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India to continue buying oil from ‘time-tested partner’ Russia, defying US pressure

US Rep. Ilhan Omar (D-MN) (L) talks with Speaker of the House Nancy Pelosi (D-CA) during a rally with fellow Democrats before voting on H.R. 1, or the People Act, on the East Steps of the US Capitol on March 08, 2019 in Washington, DC. (AFP photo)
Russian Foreign Minister Sergei Lavrov, right, and his Indian counterpart Subrahmanyam Jaishankar attend a news conference following their talks in Moscow, Russia, November 8, 2022.(Photo by Indian media)

Despite pressure from the US and its Western allies, India says it will continue to buy Russian oil as it is advantageous for the country. 

Indian foreign minister Subrahmanyam Jaishankar during his meeting with Russian counterpart Sergei Lavrov in Moscow on Tuesday said buying oil from India's "steady and time-tested partner" is economically advantageous for the South Asian country.

“Russia has been a steady and time-tested partner. Any objective evaluation of our relationship over many decades would confirm that it has actually served both our countries very, very well,” Jaishankar said in a joint news conference.

“As the world’s third-largest consumer of oil and gas, a consumer where the levels of income are not very high, it is our fundamental obligation to ensure that the Indian consumer has the best possible access on the most advantageous terms to international markets.”

“We have seen that the India-Russia relationship has worked to advantage. If it works to my advantage, I would like to keep that going,” the Indian foreign minister said.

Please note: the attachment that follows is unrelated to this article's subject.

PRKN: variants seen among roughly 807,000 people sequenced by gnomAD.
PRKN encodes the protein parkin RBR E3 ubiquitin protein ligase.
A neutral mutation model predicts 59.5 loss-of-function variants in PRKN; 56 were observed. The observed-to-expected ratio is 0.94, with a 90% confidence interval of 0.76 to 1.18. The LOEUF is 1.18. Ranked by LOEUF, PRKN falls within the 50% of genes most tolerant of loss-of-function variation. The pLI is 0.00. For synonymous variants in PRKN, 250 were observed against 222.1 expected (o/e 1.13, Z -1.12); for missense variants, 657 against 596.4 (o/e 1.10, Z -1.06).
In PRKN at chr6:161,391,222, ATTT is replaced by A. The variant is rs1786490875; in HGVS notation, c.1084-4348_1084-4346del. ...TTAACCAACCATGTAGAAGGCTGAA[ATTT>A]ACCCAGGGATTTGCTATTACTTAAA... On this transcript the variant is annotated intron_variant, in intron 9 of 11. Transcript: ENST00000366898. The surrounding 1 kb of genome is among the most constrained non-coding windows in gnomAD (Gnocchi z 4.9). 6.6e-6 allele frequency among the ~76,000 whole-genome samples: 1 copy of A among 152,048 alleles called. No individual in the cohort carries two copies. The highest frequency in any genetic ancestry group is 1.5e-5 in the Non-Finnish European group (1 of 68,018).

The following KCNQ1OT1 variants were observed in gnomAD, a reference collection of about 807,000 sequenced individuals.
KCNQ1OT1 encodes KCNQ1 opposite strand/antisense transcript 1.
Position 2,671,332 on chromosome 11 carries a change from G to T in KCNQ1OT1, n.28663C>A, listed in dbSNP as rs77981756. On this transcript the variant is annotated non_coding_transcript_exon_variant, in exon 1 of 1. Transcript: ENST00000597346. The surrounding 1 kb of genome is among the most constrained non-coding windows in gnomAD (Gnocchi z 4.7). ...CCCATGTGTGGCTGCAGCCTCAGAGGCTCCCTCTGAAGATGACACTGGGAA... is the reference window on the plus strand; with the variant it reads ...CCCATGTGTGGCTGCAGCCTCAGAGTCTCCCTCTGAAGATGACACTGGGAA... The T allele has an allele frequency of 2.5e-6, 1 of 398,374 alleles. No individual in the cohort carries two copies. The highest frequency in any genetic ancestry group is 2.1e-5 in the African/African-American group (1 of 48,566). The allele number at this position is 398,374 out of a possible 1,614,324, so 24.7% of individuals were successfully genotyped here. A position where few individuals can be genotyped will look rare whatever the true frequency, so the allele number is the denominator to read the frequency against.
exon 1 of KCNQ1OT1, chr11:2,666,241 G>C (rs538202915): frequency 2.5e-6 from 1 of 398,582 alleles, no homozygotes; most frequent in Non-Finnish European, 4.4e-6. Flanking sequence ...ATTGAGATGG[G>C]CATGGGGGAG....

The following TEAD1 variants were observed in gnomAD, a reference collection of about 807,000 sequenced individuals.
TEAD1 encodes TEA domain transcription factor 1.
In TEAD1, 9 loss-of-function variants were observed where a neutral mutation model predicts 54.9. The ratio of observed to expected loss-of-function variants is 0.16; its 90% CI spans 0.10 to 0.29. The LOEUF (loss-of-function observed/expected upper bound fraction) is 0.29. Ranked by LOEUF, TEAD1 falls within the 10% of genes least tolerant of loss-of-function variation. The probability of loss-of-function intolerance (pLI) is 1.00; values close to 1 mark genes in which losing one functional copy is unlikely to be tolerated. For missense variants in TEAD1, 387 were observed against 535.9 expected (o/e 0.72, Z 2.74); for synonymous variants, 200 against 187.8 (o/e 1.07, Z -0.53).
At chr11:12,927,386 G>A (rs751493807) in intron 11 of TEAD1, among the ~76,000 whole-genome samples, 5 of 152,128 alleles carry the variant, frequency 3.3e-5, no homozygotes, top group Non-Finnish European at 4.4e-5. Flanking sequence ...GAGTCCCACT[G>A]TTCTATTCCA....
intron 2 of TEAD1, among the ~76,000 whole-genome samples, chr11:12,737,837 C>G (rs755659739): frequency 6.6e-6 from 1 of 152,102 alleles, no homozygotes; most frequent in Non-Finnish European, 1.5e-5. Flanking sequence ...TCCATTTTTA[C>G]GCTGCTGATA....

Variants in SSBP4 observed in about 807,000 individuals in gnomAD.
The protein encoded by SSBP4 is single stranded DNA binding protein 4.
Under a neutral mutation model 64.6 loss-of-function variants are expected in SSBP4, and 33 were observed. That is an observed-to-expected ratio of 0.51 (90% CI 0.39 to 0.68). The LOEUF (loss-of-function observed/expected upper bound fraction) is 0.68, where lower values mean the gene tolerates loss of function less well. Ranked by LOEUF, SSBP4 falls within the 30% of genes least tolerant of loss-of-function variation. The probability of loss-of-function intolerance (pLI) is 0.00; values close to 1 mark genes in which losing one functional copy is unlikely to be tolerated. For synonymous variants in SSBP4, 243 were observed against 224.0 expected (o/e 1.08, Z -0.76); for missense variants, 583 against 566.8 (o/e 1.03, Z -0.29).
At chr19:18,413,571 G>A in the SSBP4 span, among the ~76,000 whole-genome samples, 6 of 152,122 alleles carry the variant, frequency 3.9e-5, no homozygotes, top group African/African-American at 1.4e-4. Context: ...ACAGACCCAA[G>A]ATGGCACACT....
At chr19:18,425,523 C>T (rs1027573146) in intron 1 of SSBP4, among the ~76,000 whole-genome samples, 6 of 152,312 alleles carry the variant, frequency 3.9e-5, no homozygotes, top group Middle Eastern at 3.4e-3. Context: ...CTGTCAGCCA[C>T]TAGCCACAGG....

Jaishankar’s announcement came ahead of a visit by US Treasury Secretary Janet Yellen to New Delhi later this week.

Lavrov, for his part, praised the position of Russia’s “Indian friends” on Ukraine and accused Western countries of trying to consolidate a “dominant role in world affairs” and prevent “the democratisation of international relations."

India has emerged as Russia’s largest oil customer after China following a boycott by Western buyers over Ukraine conflict.

Last month, India's Union Minister of Petroleum and Natural Gas Hardeep Singh Puri  said New Delhi will continue to buy  Russian oil.

Ever since April, India's crude imports from Russia have jumped over 50 times, fulfilling 10 percent of the country's demand.

The Ukraine war has caused Western countries, not least Europe, to gradually ramp down their energy purchases from Russia.

Both New Delhi and Beijing have so far refused to join Western sanctions against Russia.

India is articulating its position against the Ukraine war more robustly to counter Western criticism.

Moscow has already warned that a flow of weapons to Kiev will prolong Russia's operation.

Russia and India are also considering joint production of modern defense equipment. Last year, the two countries inked a $677-million deal to produce AK-203 assault rifles in India as part of New Delhi’s push for self-reliance in defense manufacturing.

Moscow has been New Delhi’s biggest supplier of military equipment for decades. India imported Russian defense equipment worth more than $20 billion between 2011 and 2021. 

Russia and India also want to cooperate more closely in the fields of nuclear energy and space travel.

Russia launched its “special military operation” in Ukraine in late February, following Kiev’s failure to implement the terms of the 2014 Minsk agreements and Moscow’s recognition of the breakaway regions of Donetsk and Luhansk.

Since the onset of operations, the US and its European allies have imposed waves of sanctions on the Kremlin and sent numerous batches of advanced weapons to Ukraine. Moscow has been critical of the weapons supplies to Kiev, warning that they will prolong the war.

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